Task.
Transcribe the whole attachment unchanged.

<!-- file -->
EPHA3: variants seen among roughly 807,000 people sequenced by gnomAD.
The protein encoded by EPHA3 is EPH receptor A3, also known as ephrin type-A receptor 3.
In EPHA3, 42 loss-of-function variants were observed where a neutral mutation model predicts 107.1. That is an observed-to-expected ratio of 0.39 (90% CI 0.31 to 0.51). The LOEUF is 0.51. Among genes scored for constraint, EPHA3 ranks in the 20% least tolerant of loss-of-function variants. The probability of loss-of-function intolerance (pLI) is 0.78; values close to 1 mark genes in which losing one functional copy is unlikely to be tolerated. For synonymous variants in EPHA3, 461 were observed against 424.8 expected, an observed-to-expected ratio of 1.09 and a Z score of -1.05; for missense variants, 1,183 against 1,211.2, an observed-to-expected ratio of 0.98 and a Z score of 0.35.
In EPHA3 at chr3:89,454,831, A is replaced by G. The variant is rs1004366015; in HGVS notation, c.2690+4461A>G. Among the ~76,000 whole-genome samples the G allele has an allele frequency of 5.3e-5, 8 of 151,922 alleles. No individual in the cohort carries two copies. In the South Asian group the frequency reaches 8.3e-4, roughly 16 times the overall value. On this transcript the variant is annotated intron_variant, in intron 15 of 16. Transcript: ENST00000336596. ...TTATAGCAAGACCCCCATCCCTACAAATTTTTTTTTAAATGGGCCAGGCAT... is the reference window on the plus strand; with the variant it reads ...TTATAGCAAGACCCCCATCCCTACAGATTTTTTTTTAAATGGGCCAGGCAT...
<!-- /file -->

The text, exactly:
EPHA3: variants seen among roughly 807,000 people sequenced by gnomAD.
The protein encoded by EPHA3 is EPH receptor A3, also known as ephrin type-A receptor 3.
In EPHA3, 42 loss-of-function variants were observed where a neutral mutation model predicts 107.1. That is an observed-to-expected ratio of 0.39 (90% CI 0.31 to 0.51). The LOEUF is 0.51. Among genes scored for constraint, EPHA3 ranks in the 20% least tolerant of loss-of-function variants. The probability of loss-of-function intolerance (pLI) is 0.78; values close to 1 mark genes in which losing one functional copy is unlikely to be tolerated. For synonymous variants in EPHA3, 461 were observed against 424.8 expected, an observed-to-expected ratio of 1.09 and a Z score of -1.05; for missense variants, 1,183 against 1,211.2, an observed-to-expected ratio of 0.98 and a Z score of 0.35.
In EPHA3 at chr3:89,454,831, A is replaced by G. The variant is rs1004366015; in HGVS notation, c.2690+4461A>G. Among the ~76,000 whole-genome samples the G allele has an allele frequency of 5.3e-5, 8 of 151,922 alleles. No individual in the cohort carries two copies. In the South Asian group the frequency reaches 8.3e-4, roughly 16 times the overall value. On this transcript the variant is annotated intron_variant, in intron 15 of 16. Transcript: ENST00000336596. ...TTATAGCAAGACCCCCATCCCTACAAATTTTTTTTTAAATGGGCCAGGCAT... is the reference window on the plus strand; with the variant it reads ...TTATAGCAAGACCCCCATCCCTACAGATTTTTTTTTAAATGGGCCAGGCAT...